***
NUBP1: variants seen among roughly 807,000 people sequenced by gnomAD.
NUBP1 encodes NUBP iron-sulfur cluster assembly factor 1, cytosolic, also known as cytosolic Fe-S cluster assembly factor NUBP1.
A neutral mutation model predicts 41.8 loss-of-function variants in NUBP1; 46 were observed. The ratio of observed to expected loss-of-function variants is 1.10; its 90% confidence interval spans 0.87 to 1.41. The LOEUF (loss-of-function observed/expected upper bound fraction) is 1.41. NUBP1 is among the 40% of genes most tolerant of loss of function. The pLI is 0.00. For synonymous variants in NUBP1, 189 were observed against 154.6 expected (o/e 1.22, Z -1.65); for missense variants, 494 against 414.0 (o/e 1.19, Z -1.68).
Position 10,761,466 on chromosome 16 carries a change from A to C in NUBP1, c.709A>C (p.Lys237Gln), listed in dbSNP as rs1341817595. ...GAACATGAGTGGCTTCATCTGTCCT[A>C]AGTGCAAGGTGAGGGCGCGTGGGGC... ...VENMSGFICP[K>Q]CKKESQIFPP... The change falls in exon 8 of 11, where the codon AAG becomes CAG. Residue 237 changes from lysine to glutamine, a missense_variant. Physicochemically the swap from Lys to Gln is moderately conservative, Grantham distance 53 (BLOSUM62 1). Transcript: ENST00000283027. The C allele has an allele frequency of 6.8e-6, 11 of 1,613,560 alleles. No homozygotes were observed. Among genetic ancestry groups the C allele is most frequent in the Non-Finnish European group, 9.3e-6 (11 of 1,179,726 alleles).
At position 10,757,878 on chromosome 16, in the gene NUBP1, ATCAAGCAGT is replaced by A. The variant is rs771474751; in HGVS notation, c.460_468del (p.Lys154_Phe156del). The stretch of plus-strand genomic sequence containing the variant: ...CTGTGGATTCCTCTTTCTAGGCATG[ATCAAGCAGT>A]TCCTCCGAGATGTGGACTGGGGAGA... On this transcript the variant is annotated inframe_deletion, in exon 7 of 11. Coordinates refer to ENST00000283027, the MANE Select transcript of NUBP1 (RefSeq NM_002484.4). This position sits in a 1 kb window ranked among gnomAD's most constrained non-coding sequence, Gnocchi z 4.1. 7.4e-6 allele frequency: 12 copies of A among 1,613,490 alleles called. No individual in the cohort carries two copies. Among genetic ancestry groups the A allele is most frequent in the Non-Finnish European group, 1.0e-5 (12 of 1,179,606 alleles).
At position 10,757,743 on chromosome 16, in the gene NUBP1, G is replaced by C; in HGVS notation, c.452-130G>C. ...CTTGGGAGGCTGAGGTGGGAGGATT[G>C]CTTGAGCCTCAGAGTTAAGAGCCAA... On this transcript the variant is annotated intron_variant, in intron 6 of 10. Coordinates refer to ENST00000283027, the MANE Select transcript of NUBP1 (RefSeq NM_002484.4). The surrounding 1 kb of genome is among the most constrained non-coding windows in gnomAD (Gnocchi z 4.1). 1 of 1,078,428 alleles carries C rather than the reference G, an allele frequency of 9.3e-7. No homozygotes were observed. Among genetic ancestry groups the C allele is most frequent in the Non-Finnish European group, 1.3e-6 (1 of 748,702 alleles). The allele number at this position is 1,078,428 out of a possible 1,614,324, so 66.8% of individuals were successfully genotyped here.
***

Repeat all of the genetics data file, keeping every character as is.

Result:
NUBP1: variants seen among roughly 807,000 people sequenced by gnomAD.
NUBP1 encodes NUBP iron-sulfur cluster assembly factor 1, cytosolic, also known as cytosolic Fe-S cluster assembly factor NUBP1.
A neutral mutation model predicts 41.8 loss-of-function variants in NUBP1; 46 were observed. The ratio of observed to expected loss-of-function variants is 1.10; its 90% confidence interval spans 0.87 to 1.41. The LOEUF (loss-of-function observed/expected upper bound fraction) is 1.41. NUBP1 is among the 40% of genes most tolerant of loss of function. The pLI is 0.00. For synonymous variants in NUBP1, 189 were observed against 154.6 expected (o/e 1.22, Z -1.65); for missense variants, 494 against 414.0 (o/e 1.19, Z -1.68).
Position 10,761,466 on chromosome 16 carries a change from A to C in NUBP1, c.709A>C (p.Lys237Gln), listed in dbSNP as rs1341817595. ...GAACATGAGTGGCTTCATCTGTCCT[A>C]AGTGCAAGGTGAGGGCGCGTGGGGC... ...VENMSGFICP[K>Q]CKKESQIFPP... The change falls in exon 8 of 11, where the codon AAG becomes CAG. Residue 237 changes from lysine to glutamine, a missense_variant. Physicochemically the swap from Lys to Gln is moderately conservative, Grantham distance 53 (BLOSUM62 1). Transcript: ENST00000283027. The C allele has an allele frequency of 6.8e-6, 11 of 1,613,560 alleles. No homozygotes were observed. Among genetic ancestry groups the C allele is most frequent in the Non-Finnish European group, 9.3e-6 (11 of 1,179,726 alleles).
At position 10,757,878 on chromosome 16, in the gene NUBP1, ATCAAGCAGT is replaced by A. The variant is rs771474751; in HGVS notation, c.460_468del (p.Lys154_Phe156del). The stretch of plus-strand genomic sequence containing the variant: ...CTGTGGATTCCTCTTTCTAGGCATG[ATCAAGCAGT>A]TCCTCCGAGATGTGGACTGGGGAGA... On this transcript the variant is annotated inframe_deletion, in exon 7 of 11. Coordinates refer to ENST00000283027, the MANE Select transcript of NUBP1 (RefSeq NM_002484.4). This position sits in a 1 kb window ranked among gnomAD's most constrained non-coding sequence, Gnocchi z 4.1. 7.4e-6 allele frequency: 12 copies of A among 1,613,490 alleles called. No individual in the cohort carries two copies. Among genetic ancestry groups the A allele is most frequent in the Non-Finnish European group, 1.0e-5 (12 of 1,179,606 alleles).
At position 10,757,743 on chromosome 16, in the gene NUBP1, G is replaced by C; in HGVS notation, c.452-130G>C. ...CTTGGGAGGCTGAGGTGGGAGGATT[G>C]CTTGAGCCTCAGAGTTAAGAGCCAA... On this transcript the variant is annotated intron_variant, in intron 6 of 10. Coordinates refer to ENST00000283027, the MANE Select transcript of NUBP1 (RefSeq NM_002484.4). The surrounding 1 kb of genome is among the most constrained non-coding windows in gnomAD (Gnocchi z 4.1). 1 of 1,078,428 alleles carries C rather than the reference G, an allele frequency of 9.3e-7. No homozygotes were observed. Among genetic ancestry groups the C allele is most frequent in the Non-Finnish European group, 1.3e-6 (1 of 748,702 alleles). The allele number at this position is 1,078,428 out of a possible 1,614,324, so 66.8% of individuals were successfully genotyped here.